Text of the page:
Almost all toy segments, from dolls and vehicles through to tabletop games, are now being brought into the digital world. Increasingly, they are being combined with electronic components and functions that make them more realistic, feature-rich, exciting or simply contemporary. The gaming sector, focused exclusively on the virtual/electronic realm, has detached itself from digital toys. Turnover from gaming has actually long since overtaken that of toys, both nationally and globally, and the sector is being further expanded and promoted.
There is still no clear answer to the question of the extent to which digital and analogue play complement or compete with each other. Leaving gaming out of the equation, however, puts a different slant on things: the core target group for toys does not think in terms of different “worlds”. For them, the digital world is an integral part of the life they live, in which consuming media across various devices is just as routine as learning new things and engaging in different kinds of play, with analogue and digital sources.
Blurred lines for Generation Z
Digital natives see no difference between what older generations would divide into “classic” and “digital”. What counts for them is how convincing the content of the game concept is.
And this is where the products on offer often fall down. Digital elements, such as the integration of the Echo device with the Alexa voice assistant or the sequencing of game play (“coding toys”), often do not actually add value to a toy and are therefore more interesting to parents than to children and young people. Frequently included simply for the sake of it, they do not always bring something to the feel or fun of the game.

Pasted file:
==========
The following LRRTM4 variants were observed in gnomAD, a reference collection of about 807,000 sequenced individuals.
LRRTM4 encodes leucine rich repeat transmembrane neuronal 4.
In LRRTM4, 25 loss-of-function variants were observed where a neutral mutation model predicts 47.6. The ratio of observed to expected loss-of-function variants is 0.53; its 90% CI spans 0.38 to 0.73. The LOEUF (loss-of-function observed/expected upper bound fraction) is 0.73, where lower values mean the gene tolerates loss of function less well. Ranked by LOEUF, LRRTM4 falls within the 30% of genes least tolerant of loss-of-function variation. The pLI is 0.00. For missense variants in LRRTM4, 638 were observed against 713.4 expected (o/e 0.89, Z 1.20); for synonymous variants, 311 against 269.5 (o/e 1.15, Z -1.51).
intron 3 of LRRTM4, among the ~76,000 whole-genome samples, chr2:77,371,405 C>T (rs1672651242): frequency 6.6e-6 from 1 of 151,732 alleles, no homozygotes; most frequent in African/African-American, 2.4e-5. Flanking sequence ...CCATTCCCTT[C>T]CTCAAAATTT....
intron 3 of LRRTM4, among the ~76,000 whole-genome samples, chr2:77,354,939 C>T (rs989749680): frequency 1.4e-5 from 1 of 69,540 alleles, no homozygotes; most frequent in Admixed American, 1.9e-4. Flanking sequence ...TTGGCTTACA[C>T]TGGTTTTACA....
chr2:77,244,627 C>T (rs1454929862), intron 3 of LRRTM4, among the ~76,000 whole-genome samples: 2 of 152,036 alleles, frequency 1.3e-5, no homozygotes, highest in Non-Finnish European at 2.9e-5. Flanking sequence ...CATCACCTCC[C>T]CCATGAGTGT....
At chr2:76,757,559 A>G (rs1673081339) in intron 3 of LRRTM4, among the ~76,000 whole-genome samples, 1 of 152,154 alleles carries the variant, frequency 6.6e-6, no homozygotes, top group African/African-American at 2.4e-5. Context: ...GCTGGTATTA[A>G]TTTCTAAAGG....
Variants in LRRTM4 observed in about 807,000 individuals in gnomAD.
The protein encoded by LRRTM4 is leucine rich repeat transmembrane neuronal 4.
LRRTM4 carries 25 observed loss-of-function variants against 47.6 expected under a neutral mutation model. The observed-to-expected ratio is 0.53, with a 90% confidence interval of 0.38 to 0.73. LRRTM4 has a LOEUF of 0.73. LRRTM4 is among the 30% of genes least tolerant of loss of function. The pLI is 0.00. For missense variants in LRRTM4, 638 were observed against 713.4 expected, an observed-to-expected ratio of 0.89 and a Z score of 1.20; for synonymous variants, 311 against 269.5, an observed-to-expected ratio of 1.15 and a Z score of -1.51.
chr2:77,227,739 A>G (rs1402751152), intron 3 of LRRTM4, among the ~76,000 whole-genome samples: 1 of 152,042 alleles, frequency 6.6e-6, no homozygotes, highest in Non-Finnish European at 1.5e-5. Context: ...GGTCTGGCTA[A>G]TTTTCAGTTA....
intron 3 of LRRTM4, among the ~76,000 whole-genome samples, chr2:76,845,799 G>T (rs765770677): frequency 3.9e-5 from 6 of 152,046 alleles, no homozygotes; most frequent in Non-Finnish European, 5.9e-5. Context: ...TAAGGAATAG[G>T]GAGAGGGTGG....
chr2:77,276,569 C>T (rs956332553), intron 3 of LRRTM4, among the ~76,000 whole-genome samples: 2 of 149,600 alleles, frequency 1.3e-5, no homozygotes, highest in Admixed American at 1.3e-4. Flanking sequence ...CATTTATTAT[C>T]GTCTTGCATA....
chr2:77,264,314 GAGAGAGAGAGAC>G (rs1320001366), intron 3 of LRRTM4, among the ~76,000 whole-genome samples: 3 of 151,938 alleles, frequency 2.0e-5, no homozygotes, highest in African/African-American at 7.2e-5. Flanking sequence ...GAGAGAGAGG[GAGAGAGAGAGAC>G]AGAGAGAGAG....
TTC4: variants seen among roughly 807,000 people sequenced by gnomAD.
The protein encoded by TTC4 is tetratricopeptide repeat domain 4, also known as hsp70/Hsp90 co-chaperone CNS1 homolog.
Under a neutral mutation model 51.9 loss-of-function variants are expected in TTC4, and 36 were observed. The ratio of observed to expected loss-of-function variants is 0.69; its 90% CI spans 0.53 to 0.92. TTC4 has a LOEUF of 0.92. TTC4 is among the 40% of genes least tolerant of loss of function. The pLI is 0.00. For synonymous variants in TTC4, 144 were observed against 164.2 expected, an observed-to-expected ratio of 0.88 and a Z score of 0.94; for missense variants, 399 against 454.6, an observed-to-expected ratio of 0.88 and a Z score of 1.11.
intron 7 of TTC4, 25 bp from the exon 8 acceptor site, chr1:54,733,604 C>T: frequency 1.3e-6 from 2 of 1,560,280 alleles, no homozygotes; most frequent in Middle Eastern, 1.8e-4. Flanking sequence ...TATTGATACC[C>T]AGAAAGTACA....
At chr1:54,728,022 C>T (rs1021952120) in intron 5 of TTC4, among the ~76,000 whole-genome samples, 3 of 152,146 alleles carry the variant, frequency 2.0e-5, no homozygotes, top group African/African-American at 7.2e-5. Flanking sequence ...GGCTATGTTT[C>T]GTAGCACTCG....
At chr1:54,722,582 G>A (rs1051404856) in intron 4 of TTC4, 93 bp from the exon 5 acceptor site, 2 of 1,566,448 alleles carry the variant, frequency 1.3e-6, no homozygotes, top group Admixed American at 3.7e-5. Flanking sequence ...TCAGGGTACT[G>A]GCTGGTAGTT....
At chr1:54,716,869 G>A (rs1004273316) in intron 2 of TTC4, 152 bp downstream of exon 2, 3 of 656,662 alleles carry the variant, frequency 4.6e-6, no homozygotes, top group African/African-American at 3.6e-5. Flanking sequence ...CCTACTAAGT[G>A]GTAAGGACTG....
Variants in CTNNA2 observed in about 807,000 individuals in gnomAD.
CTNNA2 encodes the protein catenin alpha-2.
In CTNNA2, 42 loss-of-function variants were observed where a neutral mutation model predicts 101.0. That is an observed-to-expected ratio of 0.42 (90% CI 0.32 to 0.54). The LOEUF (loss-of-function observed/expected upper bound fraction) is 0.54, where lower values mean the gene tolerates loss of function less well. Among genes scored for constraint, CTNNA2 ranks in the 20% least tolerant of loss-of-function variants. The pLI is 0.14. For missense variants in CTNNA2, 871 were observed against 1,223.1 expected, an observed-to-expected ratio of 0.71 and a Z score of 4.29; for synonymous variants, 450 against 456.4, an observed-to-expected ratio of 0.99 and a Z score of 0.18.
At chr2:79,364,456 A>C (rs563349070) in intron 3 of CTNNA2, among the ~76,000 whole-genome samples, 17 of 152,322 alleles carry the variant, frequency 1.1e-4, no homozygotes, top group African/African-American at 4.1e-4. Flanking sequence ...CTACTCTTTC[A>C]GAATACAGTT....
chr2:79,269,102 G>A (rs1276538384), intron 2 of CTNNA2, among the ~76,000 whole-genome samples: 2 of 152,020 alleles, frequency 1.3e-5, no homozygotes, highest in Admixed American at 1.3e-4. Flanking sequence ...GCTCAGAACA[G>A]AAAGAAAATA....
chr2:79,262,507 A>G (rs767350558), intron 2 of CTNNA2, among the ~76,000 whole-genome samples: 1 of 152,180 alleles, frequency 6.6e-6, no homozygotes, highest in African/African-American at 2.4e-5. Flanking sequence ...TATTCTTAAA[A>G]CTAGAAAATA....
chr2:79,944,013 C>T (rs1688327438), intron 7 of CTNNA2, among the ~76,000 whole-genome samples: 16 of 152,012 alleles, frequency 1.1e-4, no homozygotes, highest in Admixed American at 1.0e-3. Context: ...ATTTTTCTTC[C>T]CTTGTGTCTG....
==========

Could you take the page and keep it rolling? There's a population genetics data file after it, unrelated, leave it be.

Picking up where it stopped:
Therefore, no matter the toy, whether analogue, digital or hybrid, the focus should always be on the play value to ensure that the object is a toy, and not a gadget.
Interactivity and electronics are all part of the equation
It’s obvious that electronics and interactivity belong in modern toys – after all, these are what children are used to in their daily lives. “Electronic toys are important to the industry because they become our gateway to children via which we can get them playing”, confirmed Chris Schulz, VP Kites & Designs USA.
Of course, there are supporters of this development as well as industry participants who are critical of it. And it does not make obvious sense to integrate digital elements within every segment. But even supposedly classic toys cannot escape the spirit of the times: thus, we are seeing wooden railways with interactive elements and electronic control units as well as outdoor equipment with digital features. “I think that electronic toys are the future, regardless of how some people in the industry would like things to go. It’s just what children know. We are seeing a whole lot of apps – so you have to try and go with the trend”, said Chris Schulz.